Lacking firm evidence about who shot Meyers, Ebert instead asserted the identity of the triggerman was irrelevant. Each member of the team was as vital as the other and equally responsible for all the sniper shootings, he argued. He convinced the jury that a murder defendant need not pull the trigger in a deadly shooting to receive the death penalty.
Horan made no such argument. He asserted that Malvo shot Franklin from the trunk of the Caprice while Muhammad was at the wheel. He, too, stressed they were a team. One acted as spotter, one as a shooter, each as essential as the other, to pull off the attacks and escape detection.
Despite failing to provide a definitive answer on who did the shootings, Malvo's trial did yield a glimpse into the snipers' motives. Malvo told mental-health experts that the pair planned to extort $10 million from the government and use the money to build a utopian compound in Canada. There, Muhammad would mold 140 black children into a society free from racial prejudice. From his Fairfax County jail cell, Malvo sketched drawings of the fanciful utopia.
But Malvo's attorneys argued that the notion of a utopia was a ruse, planted in Malvo's mind to provide a justification for murder. Muhammad's true motive, they said, was to use the shootings as a cover to kill his ex-wife and regain custody of his three youngest children, lost in a custody fight. Malvo was to be Muhammad's final victim, eliminating the only witness to the crimes, Malvo's lawyers said.
For all the lingering uncertainty in the wake of the trials, they did reveal rich details about the two men who terrorized a region for three weeks in October 2002.
Jurors heard about Malvo's nomadic, rootless life in Jamaica, where he was born. They learned of how he and his mother moved to Antigua, where Malvo met Muhammad in a video arcade. Witnesses testified about Muhammad's lucrative business forging immigration documents, until his arrest forced him to flee back to the United States, Malvo in tow. The found out about their stay in a homeless shelter in Bellingham, Wash., where Muhammad purportedly began schooling his young charge.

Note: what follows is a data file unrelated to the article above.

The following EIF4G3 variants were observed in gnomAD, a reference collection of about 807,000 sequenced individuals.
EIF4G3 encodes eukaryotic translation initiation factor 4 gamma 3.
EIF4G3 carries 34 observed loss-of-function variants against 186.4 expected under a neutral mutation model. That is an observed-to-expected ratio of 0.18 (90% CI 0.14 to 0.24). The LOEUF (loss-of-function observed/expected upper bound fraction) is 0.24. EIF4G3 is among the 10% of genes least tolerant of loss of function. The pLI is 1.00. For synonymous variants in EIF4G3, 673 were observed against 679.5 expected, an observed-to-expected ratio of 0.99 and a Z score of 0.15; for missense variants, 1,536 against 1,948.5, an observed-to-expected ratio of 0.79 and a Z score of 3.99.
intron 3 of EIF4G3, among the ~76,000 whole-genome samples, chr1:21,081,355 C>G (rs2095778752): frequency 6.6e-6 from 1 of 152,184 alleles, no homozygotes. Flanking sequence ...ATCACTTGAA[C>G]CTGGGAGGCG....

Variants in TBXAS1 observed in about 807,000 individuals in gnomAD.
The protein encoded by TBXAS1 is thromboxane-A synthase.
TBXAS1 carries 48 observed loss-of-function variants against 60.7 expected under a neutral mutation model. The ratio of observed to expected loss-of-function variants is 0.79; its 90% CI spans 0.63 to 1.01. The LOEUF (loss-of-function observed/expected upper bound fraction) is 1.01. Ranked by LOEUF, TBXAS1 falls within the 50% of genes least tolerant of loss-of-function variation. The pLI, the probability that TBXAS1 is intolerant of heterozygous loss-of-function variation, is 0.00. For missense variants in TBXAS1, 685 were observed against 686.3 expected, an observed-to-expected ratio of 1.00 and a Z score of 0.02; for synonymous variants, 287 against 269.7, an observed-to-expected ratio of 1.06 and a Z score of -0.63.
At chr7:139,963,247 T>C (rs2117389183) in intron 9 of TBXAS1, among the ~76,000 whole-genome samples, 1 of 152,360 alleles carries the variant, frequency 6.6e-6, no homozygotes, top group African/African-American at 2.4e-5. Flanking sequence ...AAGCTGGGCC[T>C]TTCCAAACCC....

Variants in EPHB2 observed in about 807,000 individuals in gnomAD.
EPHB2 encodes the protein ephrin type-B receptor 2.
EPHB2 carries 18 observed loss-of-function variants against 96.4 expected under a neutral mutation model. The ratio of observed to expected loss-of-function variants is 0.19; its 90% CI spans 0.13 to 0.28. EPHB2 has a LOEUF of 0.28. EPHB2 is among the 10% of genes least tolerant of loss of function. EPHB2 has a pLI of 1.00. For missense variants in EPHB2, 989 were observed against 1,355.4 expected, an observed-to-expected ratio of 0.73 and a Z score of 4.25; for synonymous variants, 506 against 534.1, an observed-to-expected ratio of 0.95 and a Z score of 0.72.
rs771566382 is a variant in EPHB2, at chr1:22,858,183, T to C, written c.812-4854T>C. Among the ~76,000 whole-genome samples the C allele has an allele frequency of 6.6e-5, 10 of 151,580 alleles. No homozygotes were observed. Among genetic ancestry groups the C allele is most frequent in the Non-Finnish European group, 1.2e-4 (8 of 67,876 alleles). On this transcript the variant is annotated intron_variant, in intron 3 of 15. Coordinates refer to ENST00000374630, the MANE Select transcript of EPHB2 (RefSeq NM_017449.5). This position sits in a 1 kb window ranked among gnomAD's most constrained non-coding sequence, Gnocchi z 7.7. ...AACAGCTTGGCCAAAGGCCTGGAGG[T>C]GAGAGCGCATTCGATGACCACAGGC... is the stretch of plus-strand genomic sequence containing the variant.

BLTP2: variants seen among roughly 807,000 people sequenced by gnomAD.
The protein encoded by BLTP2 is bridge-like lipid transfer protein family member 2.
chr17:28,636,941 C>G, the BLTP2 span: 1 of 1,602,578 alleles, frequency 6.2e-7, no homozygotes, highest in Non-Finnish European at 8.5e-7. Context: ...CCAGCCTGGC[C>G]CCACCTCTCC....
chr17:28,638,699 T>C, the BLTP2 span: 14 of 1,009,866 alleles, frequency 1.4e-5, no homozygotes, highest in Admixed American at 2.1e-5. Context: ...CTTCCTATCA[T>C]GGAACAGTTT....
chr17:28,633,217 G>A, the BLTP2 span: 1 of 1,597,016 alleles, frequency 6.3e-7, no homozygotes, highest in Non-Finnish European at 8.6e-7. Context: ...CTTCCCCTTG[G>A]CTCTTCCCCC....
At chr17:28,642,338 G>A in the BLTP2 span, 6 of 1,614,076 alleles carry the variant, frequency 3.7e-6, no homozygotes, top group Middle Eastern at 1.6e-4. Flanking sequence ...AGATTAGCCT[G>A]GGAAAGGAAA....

Jurors saw Malvo's former teachers and Muhammad's Army buddies. They met Mavlo's schoolmates and Muhammad's ex-wives and children. Jurors learned how sniper teams use a spotter and shooter and speak in their own peculiar venacular. Months of shooting practice and survival training preceded the attacks, they were told.
The trials also detailed the awful mechanics of the shootings, including a series of robberies to finance the mission. They saw the car Muhammad bought for $250 from a Trenton, N.J., dealer and later modified into a mobile sniper's platform. They learned of the tools of snipercraft seized from the car when the killers were arrested, including a Bushmaster .223-caliber rifle, a computer and a global-positioning system.
In addition to the physical evidence, the government had Malvo's own words that he had fired several fatal shots. The teenager's confessions to Fairfax County investigators, which he later recanted, were taped and played for Malvo's jury.
Prince William prosecutors could not use Malvo's confessions against Muhammad because they were inadmissible hearsay. They decided instead to stress that the two acted as a team and bore equal responsibility for the killings.
Future prosecutions are likely to be staked on the same claim. Prince William prosecutors plan to argue that Malvo was a willing participant and knew what he was doing was criminal. Assistant Commonwealth's Attorney Richard Conway attended several days of Malvo's trial taking detailed notes, preparing to rebut the insanity claim likely to be mounted by his lawyers.
But Craig S. Cooley, one of Malvo's attorneys, said the teenager's insanity defense - ultimately rejected by his jury - was real.
"This was an honest defense," said Cooley, who added he is unsure whether he would be involved in future trials. "It is the reality of what happened to Lee."
In upcoming trials, the defense likely will claim the same thing, he said.